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Modern History Sourcebook:
Pedro de Cieza de Léon:
Chronicles of the Incas, 1540

Another view of the Incas, from a conquistador. It provides quite a lot of information about the Incan economy--a redistributive typical of all early civilizations.

It is told for a fact of the rulers of this kingdom that in the days of their rule they had their representatives in the capitals of all the provinces, for in all these places there were larger and finer lodgings than in most of the other cities of this great kingdom, and many storehouses. They served as the head of the provinces or regions, and from every so many leagues around the tributes were brought to one of these capitals, and from so many others, to another. This was so well-organized that there was not a village that did not know where it was to send its tribute. In all these capitals the Incas had temples of the Sun, mints, and many silversmiths who did nothing but work rich pieces of gold or fair vessels of silver; large garrisons were stationed there, and a steward who was in command of them all, to whom an accounting of everything that was brought in was made, and who, in turn, had to give one of all that was issued. ...The tribute paid by each of these provinces, whether gold, silver, clothing, arms and all else they gave, was entered in the accounts of those who kept the quipus and did everything ordered by the governor in the matter of finding the soldiers or supplying whomever the Inca ordered, or making delivery to Cuzco; but when they came from the city of Cuzco to go over the accounts, or they were ordered to go to Cuzco to give an accounting, the accountants themselves gave it by the quipus, or went to give it where there could be no fraud, but everything had to come out right. Few years went by in which an accounting was not made....

At the beginning of the new year the rulers of each village came to Cuzco, bringing their quipus, which told how many births there had been during the year, and how many deaths. In this way the Inca and the governors knew which of the Indians were poor, the women who had been widowed, whether they were able to pay their taxes, and how many men they could count on in the event of war, and many other things they considered highly important. The Incas took care to see that justice was meted out, so much so that nobody ventured to commit a felony or theft. This was to deal with thieves, rapists, or conspirators against the Inca.

As this kingdom was so vast, in each of the many provinces there were many storehouses filled with supplies and other needful things; thus, in times of war, wherever the armies went they drew upon the contents of these storehouses, without ever touching the supplies of their confederates or laying a finger on what they had in their settlements....Then the storehouses were filled up once more with the tributes paid the Inca. If there came a lean year, the storehouses were opened and the provinces were lent what they needed in the way of supplies; then, in a year of abundance, they paid back all they had received. No one who was lazy or tried to live by the work of others was tolerated; everyone had to work. Thus on certain days each lord went to his lands and took the plow in hand and cultivated the earth, and did other things. Even the Incas themselves did this to set an example. And under their system there was none such in all the kingdom, for, if he had his health, he worked and lacked for nothing; and if he was ill, he received what he needed from the storehouses. And no rich man could deck himself out in more finery than the poor, or wear different clothing, except the rulers and the headmen, who, to maintain their dignity, were allowed great freedom and privilege.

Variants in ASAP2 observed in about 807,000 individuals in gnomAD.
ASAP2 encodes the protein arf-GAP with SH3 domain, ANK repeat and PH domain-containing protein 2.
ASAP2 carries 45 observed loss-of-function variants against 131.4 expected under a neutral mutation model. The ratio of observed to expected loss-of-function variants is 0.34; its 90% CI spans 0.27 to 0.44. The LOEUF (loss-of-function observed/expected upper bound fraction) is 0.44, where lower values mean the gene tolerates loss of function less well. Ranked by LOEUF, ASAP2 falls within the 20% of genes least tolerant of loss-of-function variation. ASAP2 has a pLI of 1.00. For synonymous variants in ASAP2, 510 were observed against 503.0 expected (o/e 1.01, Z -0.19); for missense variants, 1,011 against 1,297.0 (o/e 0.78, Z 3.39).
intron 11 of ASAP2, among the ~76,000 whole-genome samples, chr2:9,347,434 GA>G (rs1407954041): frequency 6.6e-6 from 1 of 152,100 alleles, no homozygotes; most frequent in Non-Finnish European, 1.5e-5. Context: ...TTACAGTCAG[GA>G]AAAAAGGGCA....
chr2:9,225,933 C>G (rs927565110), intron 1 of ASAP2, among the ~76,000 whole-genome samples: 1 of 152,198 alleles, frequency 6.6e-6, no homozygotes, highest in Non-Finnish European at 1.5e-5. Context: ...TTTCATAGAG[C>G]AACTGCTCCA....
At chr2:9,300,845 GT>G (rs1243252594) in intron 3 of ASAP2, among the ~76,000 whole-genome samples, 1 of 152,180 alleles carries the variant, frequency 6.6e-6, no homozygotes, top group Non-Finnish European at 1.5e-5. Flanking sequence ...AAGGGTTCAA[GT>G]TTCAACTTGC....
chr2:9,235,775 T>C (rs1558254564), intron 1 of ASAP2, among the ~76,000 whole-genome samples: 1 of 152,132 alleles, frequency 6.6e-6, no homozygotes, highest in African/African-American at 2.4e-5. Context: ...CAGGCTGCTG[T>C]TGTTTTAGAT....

From: Pedro Cieza de Léon, The Second Part of the Chronicle of Peru, Clements R. Markham, trans. & ed., (London: Hakluyt Society, 1883), pp. 36-50, passim.

Scanned by: J. S. Arkenberg, Dept. of History, Cal. State Fullerton. Prof. Arkenberg has modernized the text.

This text is part of the Internet Modern History Sourcebook. The Sourcebook is a collection of public domain and copy-permitted texts for introductory level classes in modern European and World history.

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© Paul Halsall, July 1998

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